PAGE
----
When Is a Scissor Lift Not an Aerial Lift?

If you’re feeling confused wondering, “what is a scissor lift? I thought they were technically aerial lifts,” you’re not alone. Even though scissor lifts and aerial lifts are often grouped together, they are completely different. And as far as OSHA is concerned, scissor lifts are not aerial lifts. There’s been confusion about the classification of scissor lifts and aerial lifts across many worksites in the United States.

The differences between an aerial lift and aerial scissor lift (and also a vertical scissor) lift aren’t great. That’s why so many people – aerial work platform (AWP) workers included – fail to recognize what makes each piece of equipment unique.

CertifyMeOnline.net, the leader in AWP training, offers comprehensive training and OSHA certification for aerial lifts, aerial scissor lifts, boom lifts, vertical scissor lifts and much more. Sign up today and make sure your company is compliant with OSHA training requirements.

So, when is a scissor lift not an aerial lift? Here, we set the record straight.

What is an Aerial Lift?

For aerial lifts, OSHA uses the same definition as American National Standards Institute (ANSI), which considers the following vehicle-mounted rotating and elevating platforms as aerial lifts:

– Vertical towers

– Aerial ladders

– Articulating boom platforms

– Any combination of the above

Aerial lifts, or boom lifts, are classified as vehicle-mounted devices used to elevate personnel. They can lift workers both vertically and horizontally to reach exterior building structures, windows, trees, and power lines. They can be articulated to reach up and over structures, as well as access the top of roller coasters. The difference between an aerial lift and a scissor lift is that scissor lifts can only extend horizontally, and do not have the same reach power.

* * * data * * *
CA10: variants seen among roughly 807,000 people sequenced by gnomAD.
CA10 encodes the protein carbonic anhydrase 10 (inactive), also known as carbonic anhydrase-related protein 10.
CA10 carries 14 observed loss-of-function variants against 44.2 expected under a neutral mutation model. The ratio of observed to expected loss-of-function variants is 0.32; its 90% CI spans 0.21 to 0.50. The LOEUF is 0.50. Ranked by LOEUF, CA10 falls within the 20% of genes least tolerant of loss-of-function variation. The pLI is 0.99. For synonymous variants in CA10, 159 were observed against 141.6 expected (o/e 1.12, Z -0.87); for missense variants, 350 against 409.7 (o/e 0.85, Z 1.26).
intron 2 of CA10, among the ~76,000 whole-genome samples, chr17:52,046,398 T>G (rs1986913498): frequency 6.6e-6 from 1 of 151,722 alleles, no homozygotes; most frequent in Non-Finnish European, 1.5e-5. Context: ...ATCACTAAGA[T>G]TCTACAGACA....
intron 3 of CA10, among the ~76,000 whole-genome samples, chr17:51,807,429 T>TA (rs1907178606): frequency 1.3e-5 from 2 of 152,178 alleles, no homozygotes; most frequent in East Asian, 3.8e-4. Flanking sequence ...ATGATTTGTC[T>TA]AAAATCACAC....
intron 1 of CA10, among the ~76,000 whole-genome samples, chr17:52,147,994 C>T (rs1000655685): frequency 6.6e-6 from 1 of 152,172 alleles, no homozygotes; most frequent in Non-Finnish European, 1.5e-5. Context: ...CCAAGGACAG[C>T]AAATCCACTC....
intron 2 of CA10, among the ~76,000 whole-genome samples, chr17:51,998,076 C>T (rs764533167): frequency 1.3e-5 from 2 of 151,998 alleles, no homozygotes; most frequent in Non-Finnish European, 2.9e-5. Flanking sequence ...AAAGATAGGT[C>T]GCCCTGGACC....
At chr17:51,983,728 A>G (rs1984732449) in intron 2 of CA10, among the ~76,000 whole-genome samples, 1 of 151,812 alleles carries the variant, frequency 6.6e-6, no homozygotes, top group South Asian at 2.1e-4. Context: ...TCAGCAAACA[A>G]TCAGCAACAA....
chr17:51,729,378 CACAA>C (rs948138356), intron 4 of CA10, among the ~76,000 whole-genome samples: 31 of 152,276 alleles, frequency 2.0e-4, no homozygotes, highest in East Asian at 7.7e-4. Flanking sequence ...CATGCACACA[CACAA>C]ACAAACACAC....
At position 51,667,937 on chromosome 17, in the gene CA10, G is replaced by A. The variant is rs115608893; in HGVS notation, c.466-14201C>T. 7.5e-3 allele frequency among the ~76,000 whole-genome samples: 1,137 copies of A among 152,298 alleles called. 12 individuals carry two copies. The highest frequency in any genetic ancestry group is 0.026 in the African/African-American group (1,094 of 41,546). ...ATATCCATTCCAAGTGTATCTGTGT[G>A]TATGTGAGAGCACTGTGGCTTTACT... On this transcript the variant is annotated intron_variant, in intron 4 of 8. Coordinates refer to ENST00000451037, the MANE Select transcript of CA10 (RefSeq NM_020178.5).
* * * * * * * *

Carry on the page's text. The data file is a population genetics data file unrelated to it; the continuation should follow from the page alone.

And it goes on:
Think of aerial lifts as a more versatile elevated work platform. Aerial lifts, unlike aerial scissor lifts or vertical scissor lifts, are typically used outdoors. However, they’re also used in some indoor facilities, such as heavy equipment manufacturing centers.

What is a Scissor Lift?

Scissor lifts do not fall within any of the above categories of aerial lifts, nor are there any OSHA provisions exclusive to scissor lifts. Scissor lifts do, however, meet the definition of a scaffold. Unfortunately, if you look at the general requirements for scaffolds (§1926.451), you won’t find scissor lifts mentioned. Anywhere on the page. Luckily, OSHA has made some improvements with their Scaffolding eTool. This page on the OSHA website makes it easier to understand what is a scissor lift and where it falls within the standards. It gives industry professionals some helpful background information on what makes a scissor lift, a scissor lift.

According to OSHA, scissor lifts are “mobile supported scaffold work platforms used to safely move workers vertically and to different locations in a variety of industries including construction, retail, entertainment, and manufacturing.” Unlike aerial lifts, scissor lifts can only move vertically, directly above the base. It’s the recognizable crisscross style beams that move the lift platform straight up and down.

All scissor lifts are considered scaffolding, whether it’s a vertical scissor lift or aerial scissor lift.